proof I offer, or else demonstrate that the proof offered is no proof at all,—in other words, that he cannot reject my evidence without first refuting it. My proof, I then told him, consists precisely in that principle of freedom and organization of credit which is embodied in Proudhon's banking system and other systems of a similar nature, and I referred him to a recent essay in which I have explained the process whereby freely organized credit would abolish usury—that is, the exploitation of labor—and make production on the large scale easier than ever without interfering with the institution of private property.
Now it would naturally be assumed that, in answer to this, some examination would be made of the process referred to and the flaw in it be pointed out. But did Herr Most do anything of the kind? Not he. His only answer is that Marx disposed of Proudhon's banking system long ago, that it is fifty years behind the times, and that it is not at all clear that there is any foundation for the claim that, with the prevailing inequalities of property, all could obtain credit. No, Herr Most, nor is it clear that any such claim was ever made by any sane champion of the organization of credit. The real claim is, not that all could straightway get credit if credit were not monopolized, but that, if all or a half or a quarter of such credit as could be at once obtained under a free system should be utilized, a tremendous impetus would thereby be given to production and enterprise which would gradually increase the demand for labor and therefore the rate of wages and there- fore the number of people able to get credit, until at last every laborer would be able to say to his employer: "Here, boss, you are a good business manager, and I am willing to continue to work under your superintendence on a strictly equitable basis; but, unless you are willing to content yourself with a share of our joint product proportional to your share of the labor and give me the balance for my share of the labor, I will work for you no longer, but will set up in business for myself on the capital which I can now obtain on my credit." Herr Most's misstatement of the claim made by the friends of free banking shows that he has no knowledge of their arguments or system, which probably explains his reluctance to discuss them otherwise than by reiteration of the magic name of Marx. Proudhon's banking system may be fifty years behind the times, but it is evidently far in advance of the point which Herr Most has reached in the path of economic investigation.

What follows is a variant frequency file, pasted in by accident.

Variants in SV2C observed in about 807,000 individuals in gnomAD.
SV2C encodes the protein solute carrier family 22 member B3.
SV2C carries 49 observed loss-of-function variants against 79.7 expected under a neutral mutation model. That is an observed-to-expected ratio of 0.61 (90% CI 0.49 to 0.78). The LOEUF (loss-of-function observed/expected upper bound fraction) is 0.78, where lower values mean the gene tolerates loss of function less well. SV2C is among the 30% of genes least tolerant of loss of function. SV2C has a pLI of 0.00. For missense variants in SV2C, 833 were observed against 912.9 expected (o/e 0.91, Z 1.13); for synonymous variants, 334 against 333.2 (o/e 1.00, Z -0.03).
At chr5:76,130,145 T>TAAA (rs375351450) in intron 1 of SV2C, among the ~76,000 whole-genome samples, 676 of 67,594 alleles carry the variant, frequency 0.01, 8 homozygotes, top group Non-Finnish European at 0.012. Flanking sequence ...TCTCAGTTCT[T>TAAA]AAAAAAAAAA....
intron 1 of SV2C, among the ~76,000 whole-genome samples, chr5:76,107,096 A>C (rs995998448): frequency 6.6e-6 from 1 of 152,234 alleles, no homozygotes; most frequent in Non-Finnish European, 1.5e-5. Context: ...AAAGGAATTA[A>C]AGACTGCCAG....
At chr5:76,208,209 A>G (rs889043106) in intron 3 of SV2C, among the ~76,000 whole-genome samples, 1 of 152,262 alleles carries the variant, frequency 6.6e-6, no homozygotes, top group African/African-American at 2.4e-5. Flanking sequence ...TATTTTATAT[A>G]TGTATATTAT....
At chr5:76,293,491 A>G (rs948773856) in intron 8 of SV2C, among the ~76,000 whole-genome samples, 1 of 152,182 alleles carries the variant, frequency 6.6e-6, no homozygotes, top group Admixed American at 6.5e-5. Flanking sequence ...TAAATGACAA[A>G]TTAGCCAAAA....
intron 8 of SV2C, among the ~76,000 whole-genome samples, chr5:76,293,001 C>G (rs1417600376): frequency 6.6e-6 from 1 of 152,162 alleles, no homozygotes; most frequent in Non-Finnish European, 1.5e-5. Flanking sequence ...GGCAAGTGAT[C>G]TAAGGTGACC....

Even more careful is the wary editor of Freiheit to avoid